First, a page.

Why are the scenes with Willy's brother Ben necessary to explain Willy's point of view in "Death of a Salesman"?

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M.P. Ossa eNotes educator| Certified Educator

These scenes are necessary to understand Willy because it gives the reader a glimpse into Willy's past, and all the events that led to his development of such a complex, mysterious, and odd personality once it was his turn to be the head of a family.

Ben appears in Willy's memories, particularly when Willy is hitting his lowest points and feels suicidal. Ben found success in Africa, and became all that Willy could not be.  Willy was actually abandoned by Ben when he was four years old when Willy's father had, in turn, abandoned his family. The fact that Ben left the family in search of the father and ended up finding fortune plays an important pattern in Willy's own life: He too abandoned his family psychologically, but he found no fortune. His number was not the lucky number.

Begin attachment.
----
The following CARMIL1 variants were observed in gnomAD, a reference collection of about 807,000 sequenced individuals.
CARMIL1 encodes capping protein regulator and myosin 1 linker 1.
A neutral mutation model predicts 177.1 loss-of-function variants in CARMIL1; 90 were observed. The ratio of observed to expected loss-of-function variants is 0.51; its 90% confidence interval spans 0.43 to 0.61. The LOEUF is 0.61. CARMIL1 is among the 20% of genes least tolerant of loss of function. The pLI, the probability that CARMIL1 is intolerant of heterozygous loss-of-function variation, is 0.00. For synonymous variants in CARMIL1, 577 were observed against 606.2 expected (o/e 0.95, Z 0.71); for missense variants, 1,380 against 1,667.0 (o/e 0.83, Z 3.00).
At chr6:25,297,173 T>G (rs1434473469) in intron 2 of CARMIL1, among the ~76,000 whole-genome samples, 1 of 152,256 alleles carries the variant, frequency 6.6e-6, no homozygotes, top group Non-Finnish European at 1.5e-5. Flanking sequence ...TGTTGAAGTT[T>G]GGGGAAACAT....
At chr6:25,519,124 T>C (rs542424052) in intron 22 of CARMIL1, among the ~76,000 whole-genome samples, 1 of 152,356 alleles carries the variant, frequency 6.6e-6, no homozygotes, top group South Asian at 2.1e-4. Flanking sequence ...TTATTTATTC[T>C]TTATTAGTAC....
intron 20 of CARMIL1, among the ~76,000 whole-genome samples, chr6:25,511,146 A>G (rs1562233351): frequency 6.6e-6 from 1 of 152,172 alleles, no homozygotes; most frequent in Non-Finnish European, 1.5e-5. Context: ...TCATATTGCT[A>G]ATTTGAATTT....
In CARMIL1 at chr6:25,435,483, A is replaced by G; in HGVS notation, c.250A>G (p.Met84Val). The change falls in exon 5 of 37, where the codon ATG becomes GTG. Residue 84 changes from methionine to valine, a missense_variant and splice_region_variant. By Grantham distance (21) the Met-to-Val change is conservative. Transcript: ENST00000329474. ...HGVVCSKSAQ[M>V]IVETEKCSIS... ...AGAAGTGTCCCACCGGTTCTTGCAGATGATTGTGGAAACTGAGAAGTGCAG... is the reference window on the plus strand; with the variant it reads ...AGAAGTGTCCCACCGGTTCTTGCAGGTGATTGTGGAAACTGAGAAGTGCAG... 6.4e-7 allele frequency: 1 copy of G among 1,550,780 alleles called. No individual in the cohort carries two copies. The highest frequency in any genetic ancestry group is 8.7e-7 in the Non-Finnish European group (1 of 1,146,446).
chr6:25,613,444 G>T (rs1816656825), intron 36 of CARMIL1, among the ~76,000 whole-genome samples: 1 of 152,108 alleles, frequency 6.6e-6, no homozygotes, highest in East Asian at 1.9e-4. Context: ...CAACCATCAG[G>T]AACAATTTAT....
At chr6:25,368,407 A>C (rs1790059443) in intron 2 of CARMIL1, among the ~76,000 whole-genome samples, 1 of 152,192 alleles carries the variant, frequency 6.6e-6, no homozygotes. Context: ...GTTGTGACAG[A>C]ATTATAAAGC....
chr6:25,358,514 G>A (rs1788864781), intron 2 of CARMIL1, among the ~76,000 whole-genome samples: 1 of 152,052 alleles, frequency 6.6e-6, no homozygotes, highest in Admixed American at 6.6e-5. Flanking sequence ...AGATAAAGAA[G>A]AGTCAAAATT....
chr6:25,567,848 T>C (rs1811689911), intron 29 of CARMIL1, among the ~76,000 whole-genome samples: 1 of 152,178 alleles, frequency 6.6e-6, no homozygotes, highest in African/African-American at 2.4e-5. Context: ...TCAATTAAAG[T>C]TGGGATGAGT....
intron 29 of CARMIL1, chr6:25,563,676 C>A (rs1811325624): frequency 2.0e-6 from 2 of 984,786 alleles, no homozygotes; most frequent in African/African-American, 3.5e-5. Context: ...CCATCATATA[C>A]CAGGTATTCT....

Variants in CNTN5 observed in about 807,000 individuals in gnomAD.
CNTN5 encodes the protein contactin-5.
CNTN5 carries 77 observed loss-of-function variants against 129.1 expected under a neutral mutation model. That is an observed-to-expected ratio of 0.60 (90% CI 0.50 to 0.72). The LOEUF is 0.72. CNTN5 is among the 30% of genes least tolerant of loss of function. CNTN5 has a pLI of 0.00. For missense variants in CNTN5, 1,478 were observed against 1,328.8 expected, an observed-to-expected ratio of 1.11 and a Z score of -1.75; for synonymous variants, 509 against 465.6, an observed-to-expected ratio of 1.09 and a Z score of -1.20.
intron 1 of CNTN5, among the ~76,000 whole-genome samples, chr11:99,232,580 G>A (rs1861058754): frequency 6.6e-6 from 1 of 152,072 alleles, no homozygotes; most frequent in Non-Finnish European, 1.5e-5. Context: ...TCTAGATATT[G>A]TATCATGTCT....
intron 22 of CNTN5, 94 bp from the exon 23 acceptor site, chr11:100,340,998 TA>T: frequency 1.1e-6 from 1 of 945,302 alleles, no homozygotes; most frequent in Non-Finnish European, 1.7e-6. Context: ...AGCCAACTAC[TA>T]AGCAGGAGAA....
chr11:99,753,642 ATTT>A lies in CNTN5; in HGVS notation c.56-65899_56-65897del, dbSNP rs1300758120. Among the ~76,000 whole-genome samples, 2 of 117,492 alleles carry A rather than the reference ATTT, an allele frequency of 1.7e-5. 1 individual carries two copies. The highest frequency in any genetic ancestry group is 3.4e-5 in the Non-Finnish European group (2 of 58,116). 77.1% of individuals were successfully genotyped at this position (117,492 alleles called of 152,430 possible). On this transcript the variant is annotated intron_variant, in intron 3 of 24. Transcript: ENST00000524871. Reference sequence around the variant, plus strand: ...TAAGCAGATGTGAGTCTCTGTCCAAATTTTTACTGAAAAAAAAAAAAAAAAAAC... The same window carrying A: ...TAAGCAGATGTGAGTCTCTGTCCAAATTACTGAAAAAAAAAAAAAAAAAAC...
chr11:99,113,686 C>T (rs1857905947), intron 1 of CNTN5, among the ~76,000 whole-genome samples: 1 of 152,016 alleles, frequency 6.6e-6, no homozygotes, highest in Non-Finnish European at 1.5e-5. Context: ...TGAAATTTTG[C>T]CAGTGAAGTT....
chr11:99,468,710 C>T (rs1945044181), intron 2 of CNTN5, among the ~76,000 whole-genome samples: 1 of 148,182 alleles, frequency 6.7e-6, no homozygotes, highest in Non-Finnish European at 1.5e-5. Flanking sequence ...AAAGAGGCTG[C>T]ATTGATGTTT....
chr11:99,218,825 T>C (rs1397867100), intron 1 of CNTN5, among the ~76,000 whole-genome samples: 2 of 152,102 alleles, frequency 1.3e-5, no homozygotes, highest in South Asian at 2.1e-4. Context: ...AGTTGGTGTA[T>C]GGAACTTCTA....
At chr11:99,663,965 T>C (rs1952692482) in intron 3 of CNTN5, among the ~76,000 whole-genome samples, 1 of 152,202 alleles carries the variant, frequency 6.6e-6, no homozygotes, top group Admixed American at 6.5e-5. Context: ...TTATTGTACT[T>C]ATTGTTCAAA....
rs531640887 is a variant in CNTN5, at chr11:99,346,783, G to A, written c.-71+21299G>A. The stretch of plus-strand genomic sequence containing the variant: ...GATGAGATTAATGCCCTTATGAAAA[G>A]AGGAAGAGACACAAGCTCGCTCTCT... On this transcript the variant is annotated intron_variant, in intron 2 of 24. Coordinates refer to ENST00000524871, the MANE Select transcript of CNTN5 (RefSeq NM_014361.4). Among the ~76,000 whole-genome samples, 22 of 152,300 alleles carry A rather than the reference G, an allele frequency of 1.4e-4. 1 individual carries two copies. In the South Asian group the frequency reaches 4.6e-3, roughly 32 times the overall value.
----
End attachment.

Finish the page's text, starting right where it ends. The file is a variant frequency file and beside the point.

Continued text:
Hence, Ben accentuates the feeling of despair and lack of control over life that Willy was experiencing. Also, Ben is the antithesis of Willy: He was his positive opposite. This is greatly important for the sense of self in Willy's character.

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Death of a Salesman

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